At a recent talk in Hamilton sponsored by the Bitterroot Climate Action Group, retired fisheries biologist Chris Clancy discussed the scientific evidence concerning climate change. Being a scientist himself, he decided to look to the scientific community for an answer to two simple questions: Is it happening? What is causing it? The answer to both questions, according to Clancy, is clear. The earth is warming at an unprecedented rate and the change is being brought on by human activities.
“It’s now more certain than ever, based on many lines of evidence, that humans are changing our climate. This is not from some advocacy group, this is from the Royal Academy of Scientists and National Academy of Scientists, and other scientific academies around the world,” said Clancy.
Clancy said scientists started measuring carbon dioxide (CO2) in the atmosphere 120 years ago and recognized what is called the greenhouse effect, the trapping of heat in the atmosphere by a “blanket” of CO2. “This is not new science,” said Clancy, “this is well established and well accepted science.”
According to Clancy, a number of studies have been done comparing available data on global warming which found that 97% of scientists from academies all over the world are in agreement that the recent changes in the earth’s climate are primarily human caused. He noted that the 3% in disagreement are not necessarily wackos. He said there are some pre-immanent scientists that have problems with certain aspects of human caused climate change.
“Scientists are trained skeptics. They are arguing all the time,” said Clancy. To find them 97% in agreement over this is a big deal.” He said the most published scientists are the ones most in agreement.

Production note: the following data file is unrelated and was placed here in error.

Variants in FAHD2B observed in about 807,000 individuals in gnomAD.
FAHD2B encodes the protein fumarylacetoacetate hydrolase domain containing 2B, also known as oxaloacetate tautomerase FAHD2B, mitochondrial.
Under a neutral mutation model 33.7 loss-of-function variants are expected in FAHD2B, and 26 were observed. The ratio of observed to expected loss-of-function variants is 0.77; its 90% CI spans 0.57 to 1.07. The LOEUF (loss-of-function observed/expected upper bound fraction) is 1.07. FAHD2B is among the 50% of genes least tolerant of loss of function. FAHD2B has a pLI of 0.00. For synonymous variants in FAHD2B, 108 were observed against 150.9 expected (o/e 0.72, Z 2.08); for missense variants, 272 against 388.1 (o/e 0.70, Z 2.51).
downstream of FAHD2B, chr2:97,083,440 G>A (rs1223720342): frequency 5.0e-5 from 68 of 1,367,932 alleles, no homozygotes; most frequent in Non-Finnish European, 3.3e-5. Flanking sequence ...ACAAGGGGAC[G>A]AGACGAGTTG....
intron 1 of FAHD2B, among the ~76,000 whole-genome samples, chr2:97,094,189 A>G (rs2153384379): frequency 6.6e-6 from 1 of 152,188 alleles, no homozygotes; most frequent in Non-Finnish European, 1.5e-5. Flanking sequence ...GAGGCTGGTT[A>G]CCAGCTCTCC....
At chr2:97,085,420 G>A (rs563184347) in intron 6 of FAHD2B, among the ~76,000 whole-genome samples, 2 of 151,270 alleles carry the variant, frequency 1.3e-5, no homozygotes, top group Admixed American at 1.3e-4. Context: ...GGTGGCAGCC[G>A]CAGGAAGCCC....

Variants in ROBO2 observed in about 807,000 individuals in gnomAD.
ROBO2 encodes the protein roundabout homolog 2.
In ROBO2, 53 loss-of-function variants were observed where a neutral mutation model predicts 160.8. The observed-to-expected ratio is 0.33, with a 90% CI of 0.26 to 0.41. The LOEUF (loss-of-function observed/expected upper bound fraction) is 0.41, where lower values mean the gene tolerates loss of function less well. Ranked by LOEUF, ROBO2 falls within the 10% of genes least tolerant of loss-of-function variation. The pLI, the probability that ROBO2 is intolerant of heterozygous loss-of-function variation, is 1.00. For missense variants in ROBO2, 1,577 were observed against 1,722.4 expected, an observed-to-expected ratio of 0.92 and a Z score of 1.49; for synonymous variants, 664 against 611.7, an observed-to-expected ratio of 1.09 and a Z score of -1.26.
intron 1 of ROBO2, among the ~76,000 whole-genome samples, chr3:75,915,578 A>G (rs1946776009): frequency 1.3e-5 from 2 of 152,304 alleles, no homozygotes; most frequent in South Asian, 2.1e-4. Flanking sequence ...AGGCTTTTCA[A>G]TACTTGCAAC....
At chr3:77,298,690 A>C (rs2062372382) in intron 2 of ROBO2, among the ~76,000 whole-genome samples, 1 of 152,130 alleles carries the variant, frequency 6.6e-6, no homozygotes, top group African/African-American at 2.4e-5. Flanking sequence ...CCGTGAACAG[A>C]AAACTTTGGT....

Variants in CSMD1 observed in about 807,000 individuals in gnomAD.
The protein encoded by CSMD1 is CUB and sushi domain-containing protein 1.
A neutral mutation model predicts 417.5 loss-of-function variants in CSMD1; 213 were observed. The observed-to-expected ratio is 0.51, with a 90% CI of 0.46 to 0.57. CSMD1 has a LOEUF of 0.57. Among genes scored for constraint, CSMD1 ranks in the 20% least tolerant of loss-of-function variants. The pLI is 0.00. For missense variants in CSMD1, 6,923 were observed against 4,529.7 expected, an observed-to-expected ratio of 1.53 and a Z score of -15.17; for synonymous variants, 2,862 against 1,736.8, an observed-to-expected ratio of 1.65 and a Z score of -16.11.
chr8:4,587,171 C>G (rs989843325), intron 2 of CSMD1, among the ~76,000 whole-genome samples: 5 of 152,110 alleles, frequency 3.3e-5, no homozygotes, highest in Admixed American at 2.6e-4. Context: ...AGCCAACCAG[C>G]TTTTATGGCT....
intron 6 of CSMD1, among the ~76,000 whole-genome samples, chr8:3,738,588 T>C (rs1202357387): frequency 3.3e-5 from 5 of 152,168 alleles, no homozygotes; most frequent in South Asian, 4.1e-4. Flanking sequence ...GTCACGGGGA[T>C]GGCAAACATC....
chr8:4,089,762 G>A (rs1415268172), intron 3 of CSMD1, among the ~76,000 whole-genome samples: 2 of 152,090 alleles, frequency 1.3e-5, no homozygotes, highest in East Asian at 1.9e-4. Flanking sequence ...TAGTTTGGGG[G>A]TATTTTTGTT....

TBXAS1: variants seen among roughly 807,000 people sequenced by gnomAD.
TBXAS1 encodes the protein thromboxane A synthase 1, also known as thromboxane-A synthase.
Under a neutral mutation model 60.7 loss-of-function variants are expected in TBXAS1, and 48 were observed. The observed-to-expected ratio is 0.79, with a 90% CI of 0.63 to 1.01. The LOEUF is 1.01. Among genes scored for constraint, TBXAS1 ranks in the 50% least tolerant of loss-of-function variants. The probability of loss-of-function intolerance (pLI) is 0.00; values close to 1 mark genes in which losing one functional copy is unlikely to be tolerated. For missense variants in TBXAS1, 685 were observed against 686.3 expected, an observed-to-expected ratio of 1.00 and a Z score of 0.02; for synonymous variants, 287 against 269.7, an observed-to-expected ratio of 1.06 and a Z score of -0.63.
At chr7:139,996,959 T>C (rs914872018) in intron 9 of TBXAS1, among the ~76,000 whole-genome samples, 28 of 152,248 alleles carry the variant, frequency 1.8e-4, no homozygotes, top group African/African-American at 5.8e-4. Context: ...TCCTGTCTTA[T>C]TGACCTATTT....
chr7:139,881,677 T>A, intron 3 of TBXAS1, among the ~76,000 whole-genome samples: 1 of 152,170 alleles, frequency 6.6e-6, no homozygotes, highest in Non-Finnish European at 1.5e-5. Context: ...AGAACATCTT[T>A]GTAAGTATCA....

The earth’s temperature has been tracked by scientists since 1850 and shows a rapid climb beginning at the start of the industrial revolution and the massive contribution of CO2 by burning fossil fuels. Since the 1990s the average temperature of the earth has gone up basically about .75 degree centigrade and 2019 was recorded as the third warmest year on record.
According to Clancy, there is a very strong correlation between atmospheric temperature and the amount of CO2 in the air and graphs of the CO2 concentration show the same dramatic upward jump in modern history as we see in the historic temperature trends.
The highest concentration of CO2 in the past 800,000 years related to warm interglacial periods was 300 parts per million. In the last 100 years that concentration has jumped to over 400 ppm.
The US Global Carbon Project (GCP) is an organization that seeks to quantify global greenhouse gas emissions and their causes. Established in 2001, its projects include global budgets for three dominant greenhouse gases — carbon dioxide, methane, and nitrous oxide — and complementary efforts in urban, regional, cumulative, and negative emissions. The project has brought together emissions experts, earth scientists, and economists to tackle the problem of rising concentrations of greenhouse gases.
What they have documented, according to Clancy, is the incredibly huge and unprecedented amount of CO2 being contributed to the atmosphere by burning fossil fuels. It has raised the concentration of CO2 in the atmosphere to unprecedented proportions and is pushing global temperatures higher than any time in the earth’s history.